The Thompson hotelier holds forth on his ever-expanding kingdom
When Jason Pomeranc and his brothers opened 60 Thompson, the first property in their impressive Thompson Hotels portfolio, they weren’t exactly planning on world domination. More than a decade and a dozen locales later—including four more boutique spots in New York, two in Los Angeles, one in Toronto and their most recent, the Belgraves in London—Pomeranc is now looking to open doors in Miami, Chicago, Cabo San Lucas and a sixth New York location at the iconic 5 Beekman building, all within the next two years. Pomeranc recently sat down with RL to discuss the new expansion, how the Thompson sensibility may just change the geography of Lower Manhattan and his role in choosing designers, artists, bellman uniforms and more.
The Thompson LES address features furnishings by some of the greatest names in contemporary art and design
RL: A few years ago you were opening Thompson LES and now you’re taking over existing hotels—with Sutton Place in Chicago and Hotel Victor in Miami—and Thompson-izing them, if you will.
Well, it’s partly that. What we’re doing in Miami with the Victor is a renovation process to update, redesign and Thompson-ize the existing space, as you put it. We have a new property in Cabo where we’re developing a whole new resort based on a Thompson sensibility: what our guests like, how they want to go on vacation, etc.
Five Beekman must be new territory as well.
Yeah, it will be different. The 1880s-era architecture is interesting; it’s very Gotham, very old New York, and when you walk around the streets, you get it. We want to preserve the historical structure and then add in some new spaces that could have been there during its cinematic fantasy life, like shops, restaurants and a residential tower. It’s a neighborhood-changing event, and it’s amazing to be a part of it. There are a lot of great projects, but ones that change the geography of the city are particularly exciting.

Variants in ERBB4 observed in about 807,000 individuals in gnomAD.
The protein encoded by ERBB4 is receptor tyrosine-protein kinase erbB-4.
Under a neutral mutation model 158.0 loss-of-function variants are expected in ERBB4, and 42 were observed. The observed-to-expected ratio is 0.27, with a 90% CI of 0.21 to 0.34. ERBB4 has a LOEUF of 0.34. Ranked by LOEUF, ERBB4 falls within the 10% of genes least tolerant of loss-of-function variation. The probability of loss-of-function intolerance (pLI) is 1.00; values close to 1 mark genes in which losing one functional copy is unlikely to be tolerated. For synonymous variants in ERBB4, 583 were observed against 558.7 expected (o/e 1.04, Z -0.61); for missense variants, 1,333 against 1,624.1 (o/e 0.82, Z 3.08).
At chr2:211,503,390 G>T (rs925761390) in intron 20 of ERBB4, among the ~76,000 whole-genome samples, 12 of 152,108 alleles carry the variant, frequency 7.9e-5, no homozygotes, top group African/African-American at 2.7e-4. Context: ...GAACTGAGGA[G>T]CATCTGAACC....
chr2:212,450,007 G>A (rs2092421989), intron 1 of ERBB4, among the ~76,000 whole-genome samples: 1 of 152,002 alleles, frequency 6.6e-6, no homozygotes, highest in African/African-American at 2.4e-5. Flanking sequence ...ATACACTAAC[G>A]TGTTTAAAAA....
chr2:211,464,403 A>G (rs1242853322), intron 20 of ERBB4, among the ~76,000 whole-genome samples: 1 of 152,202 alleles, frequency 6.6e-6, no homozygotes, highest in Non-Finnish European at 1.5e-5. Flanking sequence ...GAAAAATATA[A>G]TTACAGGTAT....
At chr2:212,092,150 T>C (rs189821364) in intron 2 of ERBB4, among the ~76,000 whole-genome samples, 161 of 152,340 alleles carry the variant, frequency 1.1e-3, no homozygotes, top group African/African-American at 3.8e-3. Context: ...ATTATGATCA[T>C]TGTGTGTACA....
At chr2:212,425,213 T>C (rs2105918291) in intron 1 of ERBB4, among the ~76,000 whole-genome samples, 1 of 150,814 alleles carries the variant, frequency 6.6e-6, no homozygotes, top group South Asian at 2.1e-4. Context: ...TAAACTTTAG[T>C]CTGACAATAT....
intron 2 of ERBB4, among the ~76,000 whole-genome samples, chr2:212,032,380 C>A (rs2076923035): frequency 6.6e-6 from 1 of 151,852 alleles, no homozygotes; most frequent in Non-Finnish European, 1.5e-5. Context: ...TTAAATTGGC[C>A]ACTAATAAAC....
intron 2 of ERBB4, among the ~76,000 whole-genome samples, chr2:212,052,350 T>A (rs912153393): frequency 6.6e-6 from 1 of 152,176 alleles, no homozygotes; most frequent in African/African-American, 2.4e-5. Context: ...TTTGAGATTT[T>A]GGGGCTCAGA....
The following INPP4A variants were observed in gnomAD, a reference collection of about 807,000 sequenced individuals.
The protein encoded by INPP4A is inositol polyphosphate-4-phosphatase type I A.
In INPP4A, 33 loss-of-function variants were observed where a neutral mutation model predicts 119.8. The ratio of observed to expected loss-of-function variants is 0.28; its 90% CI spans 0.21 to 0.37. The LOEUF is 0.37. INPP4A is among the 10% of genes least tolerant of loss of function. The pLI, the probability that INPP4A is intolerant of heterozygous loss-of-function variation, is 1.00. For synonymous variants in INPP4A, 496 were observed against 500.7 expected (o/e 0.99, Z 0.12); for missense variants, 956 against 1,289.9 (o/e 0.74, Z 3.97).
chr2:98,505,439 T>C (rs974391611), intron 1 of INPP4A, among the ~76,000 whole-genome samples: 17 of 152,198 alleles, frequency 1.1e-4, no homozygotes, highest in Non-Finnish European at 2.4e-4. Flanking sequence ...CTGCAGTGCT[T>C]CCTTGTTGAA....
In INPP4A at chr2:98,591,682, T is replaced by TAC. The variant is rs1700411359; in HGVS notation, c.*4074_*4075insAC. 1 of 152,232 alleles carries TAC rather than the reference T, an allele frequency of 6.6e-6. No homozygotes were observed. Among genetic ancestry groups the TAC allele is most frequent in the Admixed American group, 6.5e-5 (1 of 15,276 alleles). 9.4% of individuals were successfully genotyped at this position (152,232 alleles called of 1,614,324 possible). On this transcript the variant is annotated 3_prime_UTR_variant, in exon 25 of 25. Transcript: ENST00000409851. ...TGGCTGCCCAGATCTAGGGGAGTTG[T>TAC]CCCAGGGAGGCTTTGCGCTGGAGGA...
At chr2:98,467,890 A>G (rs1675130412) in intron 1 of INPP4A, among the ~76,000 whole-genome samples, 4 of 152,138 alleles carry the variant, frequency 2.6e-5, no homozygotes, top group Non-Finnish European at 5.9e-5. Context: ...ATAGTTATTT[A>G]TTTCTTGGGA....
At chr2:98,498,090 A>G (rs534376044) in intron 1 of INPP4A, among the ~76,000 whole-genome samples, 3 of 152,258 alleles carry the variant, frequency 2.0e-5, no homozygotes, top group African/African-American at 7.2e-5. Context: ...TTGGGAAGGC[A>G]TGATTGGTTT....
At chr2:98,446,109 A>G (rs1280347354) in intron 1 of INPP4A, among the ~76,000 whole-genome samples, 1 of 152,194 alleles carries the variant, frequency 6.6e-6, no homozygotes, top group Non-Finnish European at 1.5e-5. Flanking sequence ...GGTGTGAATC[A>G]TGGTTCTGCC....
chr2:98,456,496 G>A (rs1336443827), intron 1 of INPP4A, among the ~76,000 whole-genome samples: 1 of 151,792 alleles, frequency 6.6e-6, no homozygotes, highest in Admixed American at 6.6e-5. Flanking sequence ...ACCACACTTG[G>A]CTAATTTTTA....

“We want to have a common DNA in our hotels, but guests should have a genuine experience wherever the hotel is.”
Would you say that Thompson has a certain consciousness or signature style?
The answer is both yes and no. We want to have a common DNA in our hotels, but guests should have a genuine experience wherever the hotel is. [A hotel] should be uniquely its own, but there’s still the vibe and casual elegance that goes back to 60 Thompson.
How involved are you in choosing designers, artists or chefs?
Integrally involved, for better or worse. These things are long processes, and they put the stamp on the hotel. When we get involved, it gets very personal; it’s hard to make these choices because of a certain level of commitment.
What’s your take on the artistic curating aspect of hotels?
It’s become really important, and it’s about trying to be consistent with the personality of [your vision]. Working with emerging and historically relevant artists related to the neighborhood or design aesthetic is the real challenge. When we did the Lower East Side, we ended up collaborating with artists who had ties to the area: At some point during their careers, they all had lived there. Peter Halley did a commission for the public spaces, and Gerard Malanga completed [a photo of Warhol] for the bottom of our pool.